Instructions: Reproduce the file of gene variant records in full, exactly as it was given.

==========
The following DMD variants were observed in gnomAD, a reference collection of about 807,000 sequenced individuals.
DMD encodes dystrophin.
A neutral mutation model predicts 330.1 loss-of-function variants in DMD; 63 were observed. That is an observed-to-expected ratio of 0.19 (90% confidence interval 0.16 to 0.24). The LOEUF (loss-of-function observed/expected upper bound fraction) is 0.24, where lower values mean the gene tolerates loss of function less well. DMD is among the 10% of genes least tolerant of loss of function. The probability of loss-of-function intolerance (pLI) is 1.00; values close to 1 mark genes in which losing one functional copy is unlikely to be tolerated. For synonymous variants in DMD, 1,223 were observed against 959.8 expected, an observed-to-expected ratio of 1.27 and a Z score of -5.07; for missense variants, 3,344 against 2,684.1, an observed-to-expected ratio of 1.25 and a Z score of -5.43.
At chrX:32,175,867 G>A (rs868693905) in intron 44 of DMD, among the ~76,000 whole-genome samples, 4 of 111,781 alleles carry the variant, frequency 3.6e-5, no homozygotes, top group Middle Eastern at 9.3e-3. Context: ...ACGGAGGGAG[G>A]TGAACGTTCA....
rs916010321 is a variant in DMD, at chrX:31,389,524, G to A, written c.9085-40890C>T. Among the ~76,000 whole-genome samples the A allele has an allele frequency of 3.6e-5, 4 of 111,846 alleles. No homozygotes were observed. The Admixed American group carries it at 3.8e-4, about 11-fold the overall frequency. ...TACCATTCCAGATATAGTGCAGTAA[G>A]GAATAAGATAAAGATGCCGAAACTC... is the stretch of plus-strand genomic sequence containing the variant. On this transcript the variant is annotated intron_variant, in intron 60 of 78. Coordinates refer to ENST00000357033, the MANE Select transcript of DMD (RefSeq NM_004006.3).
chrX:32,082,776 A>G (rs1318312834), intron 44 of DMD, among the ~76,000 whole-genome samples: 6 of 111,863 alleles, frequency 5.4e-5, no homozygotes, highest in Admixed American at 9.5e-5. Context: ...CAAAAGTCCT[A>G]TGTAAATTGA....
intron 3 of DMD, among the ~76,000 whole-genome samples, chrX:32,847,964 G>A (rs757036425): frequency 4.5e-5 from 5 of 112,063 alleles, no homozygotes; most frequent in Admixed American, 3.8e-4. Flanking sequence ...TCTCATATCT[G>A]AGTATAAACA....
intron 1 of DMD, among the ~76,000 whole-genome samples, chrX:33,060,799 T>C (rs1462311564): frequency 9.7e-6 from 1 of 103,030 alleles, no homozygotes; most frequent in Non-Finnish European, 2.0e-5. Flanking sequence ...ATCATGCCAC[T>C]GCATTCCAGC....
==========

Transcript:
The following DMD variants were observed in gnomAD, a reference collection of about 807,000 sequenced individuals.
DMD encodes dystrophin.
A neutral mutation model predicts 330.1 loss-of-function variants in DMD; 63 were observed. That is an observed-to-expected ratio of 0.19 (90% confidence interval 0.16 to 0.24). The LOEUF (loss-of-function observed/expected upper bound fraction) is 0.24, where lower values mean the gene tolerates loss of function less well. DMD is among the 10% of genes least tolerant of loss of function. The probability of loss-of-function intolerance (pLI) is 1.00; values close to 1 mark genes in which losing one functional copy is unlikely to be tolerated. For synonymous variants in DMD, 1,223 were observed against 959.8 expected, an observed-to-expected ratio of 1.27 and a Z score of -5.07; for missense variants, 3,344 against 2,684.1, an observed-to-expected ratio of 1.25 and a Z score of -5.43.
At chrX:32,175,867 G>A (rs868693905) in intron 44 of DMD, among the ~76,000 whole-genome samples, 4 of 111,781 alleles carry the variant, frequency 3.6e-5, no homozygotes, top group Middle Eastern at 9.3e-3. Context: ...ACGGAGGGAG[G>A]TGAACGTTCA....
rs916010321 is a variant in DMD, at chrX:31,389,524, G to A, written c.9085-40890C>T. Among the ~76,000 whole-genome samples the A allele has an allele frequency of 3.6e-5, 4 of 111,846 alleles. No homozygotes were observed. The Admixed American group carries it at 3.8e-4, about 11-fold the overall frequency. ...TACCATTCCAGATATAGTGCAGTAA[G>A]GAATAAGATAAAGATGCCGAAACTC... is the stretch of plus-strand genomic sequence containing the variant. On this transcript the variant is annotated intron_variant, in intron 60 of 78. Coordinates refer to ENST00000357033, the MANE Select transcript of DMD (RefSeq NM_004006.3).
chrX:32,082,776 A>G (rs1318312834), intron 44 of DMD, among the ~76,000 whole-genome samples: 6 of 111,863 alleles, frequency 5.4e-5, no homozygotes, highest in Admixed American at 9.5e-5. Context: ...CAAAAGTCCT[A>G]TGTAAATTGA....
intron 3 of DMD, among the ~76,000 whole-genome samples, chrX:32,847,964 G>A (rs757036425): frequency 4.5e-5 from 5 of 112,063 alleles, no homozygotes; most frequent in Admixed American, 3.8e-4. Flanking sequence ...TCTCATATCT[G>A]AGTATAAACA....
intron 1 of DMD, among the ~76,000 whole-genome samples, chrX:33,060,799 T>C (rs1462311564): frequency 9.7e-6 from 1 of 103,030 alleles, no homozygotes; most frequent in Non-Finnish European, 2.0e-5. Flanking sequence ...ATCATGCCAC[T>C]GCATTCCAGC....